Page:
NASA satellites see Ida spreading out before landfall

November 9, 2009
NASA's Aqua satellite captured cold thunderstorm cloud tops of Ida in this infrared image from Nov. 9. Ida's clouds and rains have spread over Louisiana, Mississippi, Alabama, Tennessee, Georgia and Florida as its center approaches the coast. Credit: NASA JPL, Ed Olsen

NASA's Aqua and Terra satellites are keeping a close eye on Tropical Storm Ida, and both have instruments aboard that show her clouds and rains are already widespread inland over the U.S. Gulf coast states. Infrared NASA satellite imagery revealed that Ida lost the "signature shape" of a tropical cyclone, and that the storm's clouds have already spread far to the north (over land) of its center of circulation.

At 4 p.m. EDT on November 9, Ida's were near 70 mph. Tropical storm force winds extend outward up to 200 miles from the center. Ida was located near 28.4 North and 88.5 West. That's about 60 miles south-southeast of the mouth of the and about 165 miles south-southwest of Pensacola, Florida. Ida is moving north near 18 mph, and is expected to turn to the east after landfall. Minimum central pressure is 991 millibars. Tropical storm force winds extend outward up to 200 miles from the center.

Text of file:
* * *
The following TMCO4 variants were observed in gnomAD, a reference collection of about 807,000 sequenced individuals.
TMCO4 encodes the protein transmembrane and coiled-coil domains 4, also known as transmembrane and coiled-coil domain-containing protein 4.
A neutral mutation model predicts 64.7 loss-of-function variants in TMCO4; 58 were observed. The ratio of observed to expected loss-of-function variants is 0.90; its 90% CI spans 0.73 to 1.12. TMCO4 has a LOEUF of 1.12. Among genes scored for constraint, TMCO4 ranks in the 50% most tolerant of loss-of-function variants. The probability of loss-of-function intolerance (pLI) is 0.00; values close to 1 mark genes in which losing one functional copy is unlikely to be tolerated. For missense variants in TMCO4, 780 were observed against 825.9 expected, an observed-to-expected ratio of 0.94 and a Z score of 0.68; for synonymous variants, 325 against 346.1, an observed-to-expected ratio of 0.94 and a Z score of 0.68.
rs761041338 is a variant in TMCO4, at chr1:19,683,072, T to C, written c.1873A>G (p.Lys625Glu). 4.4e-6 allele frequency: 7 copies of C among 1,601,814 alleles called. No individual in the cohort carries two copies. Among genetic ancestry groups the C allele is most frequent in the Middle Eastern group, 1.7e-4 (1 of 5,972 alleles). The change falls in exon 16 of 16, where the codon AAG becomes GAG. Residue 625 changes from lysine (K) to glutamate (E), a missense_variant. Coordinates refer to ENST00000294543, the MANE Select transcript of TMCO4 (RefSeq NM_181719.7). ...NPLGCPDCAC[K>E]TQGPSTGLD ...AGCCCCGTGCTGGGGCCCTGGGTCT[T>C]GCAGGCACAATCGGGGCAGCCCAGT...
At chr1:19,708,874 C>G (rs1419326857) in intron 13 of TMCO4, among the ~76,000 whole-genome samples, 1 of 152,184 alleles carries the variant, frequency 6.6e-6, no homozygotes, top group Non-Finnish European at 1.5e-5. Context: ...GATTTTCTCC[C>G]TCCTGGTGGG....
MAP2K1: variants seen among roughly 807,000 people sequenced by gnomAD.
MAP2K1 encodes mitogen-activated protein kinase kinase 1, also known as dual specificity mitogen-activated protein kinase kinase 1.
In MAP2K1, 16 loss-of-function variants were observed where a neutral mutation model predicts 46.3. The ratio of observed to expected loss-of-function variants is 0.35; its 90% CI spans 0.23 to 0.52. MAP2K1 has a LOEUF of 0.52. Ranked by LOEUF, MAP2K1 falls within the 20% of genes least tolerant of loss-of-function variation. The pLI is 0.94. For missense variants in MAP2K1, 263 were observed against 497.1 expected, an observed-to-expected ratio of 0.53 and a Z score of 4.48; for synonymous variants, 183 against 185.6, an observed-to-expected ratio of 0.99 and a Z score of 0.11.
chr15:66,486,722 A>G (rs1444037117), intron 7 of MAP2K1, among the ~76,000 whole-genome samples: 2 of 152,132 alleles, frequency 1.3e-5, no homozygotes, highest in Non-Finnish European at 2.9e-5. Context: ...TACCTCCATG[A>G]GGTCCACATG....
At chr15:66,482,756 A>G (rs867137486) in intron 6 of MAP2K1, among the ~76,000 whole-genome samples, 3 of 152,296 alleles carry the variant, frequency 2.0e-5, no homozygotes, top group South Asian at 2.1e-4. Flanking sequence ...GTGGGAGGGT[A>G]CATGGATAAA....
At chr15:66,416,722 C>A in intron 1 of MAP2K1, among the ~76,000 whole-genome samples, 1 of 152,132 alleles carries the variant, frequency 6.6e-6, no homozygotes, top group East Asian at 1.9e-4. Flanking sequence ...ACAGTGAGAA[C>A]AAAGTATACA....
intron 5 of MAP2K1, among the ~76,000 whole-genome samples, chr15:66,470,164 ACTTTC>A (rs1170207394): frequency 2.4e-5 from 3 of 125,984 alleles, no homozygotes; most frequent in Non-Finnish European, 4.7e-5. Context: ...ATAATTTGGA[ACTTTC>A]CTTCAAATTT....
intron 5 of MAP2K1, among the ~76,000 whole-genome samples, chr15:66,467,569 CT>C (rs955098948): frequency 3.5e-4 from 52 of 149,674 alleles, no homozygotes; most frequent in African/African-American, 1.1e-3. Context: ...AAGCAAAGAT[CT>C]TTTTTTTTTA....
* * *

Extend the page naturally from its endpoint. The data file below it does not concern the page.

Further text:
The Atmospheric Infrared Sounder (AIRS) on NASA's Aqua captured cold thunderstorm cloud tops of Ida in an infrared image at 1:47 p.m. EDT on November 9. The image showed Ida's clouds and rains have spread over Louisiana, Mississippi, Alabama, Tennessee, Georgia and Florida as its center approaches the coast.

The infrared imagery revealed that the cloud tops are not as cold as they were (colder than -63 Fahrenheit) when Ida was a hurricane, indicating Ida has weakened.

The Moderate Imaging Spectroradiometer instrument on NASA's Terra satellite captured this image of Tropical Storm Ida approaching the US Gulf coast at 12:15 p.m. ET today, Nov. 9. Credit: NASA MODIS Rapid Response Team

In addition to satellite imagery showing that Ida's center is shifting, the National Hurricane Center's last hurricane hunter aircraft fix showed the 700 millibar and surface centers of Ida coming apart, or "decoupling." If you think of a tropical storm link the children's spring toy, "Slinky," the top part of the spring would be leaning over the bottom.

The Moderate Imaging Spectroradiometer instrument on NASA's also provided a visible image of Tropical Storm Ida's cloud cover as she was approaching the U.S. Gulf coast at 12:15 p.m. ET today, and showed the cloud cover spreading out.

Tropical storm warnings are still in effect from Grand Isle, Lousiana to Aucilla River, Florida, including New Orleans and Lake Pontchartrain. Rainfall is still expected between 3 to 6 inches, with up to 8 inches in areas from the Gulf Coast northward into the eastern Tennessee Valley and the southern Appalachians.

Source: JPL/ (news : web)

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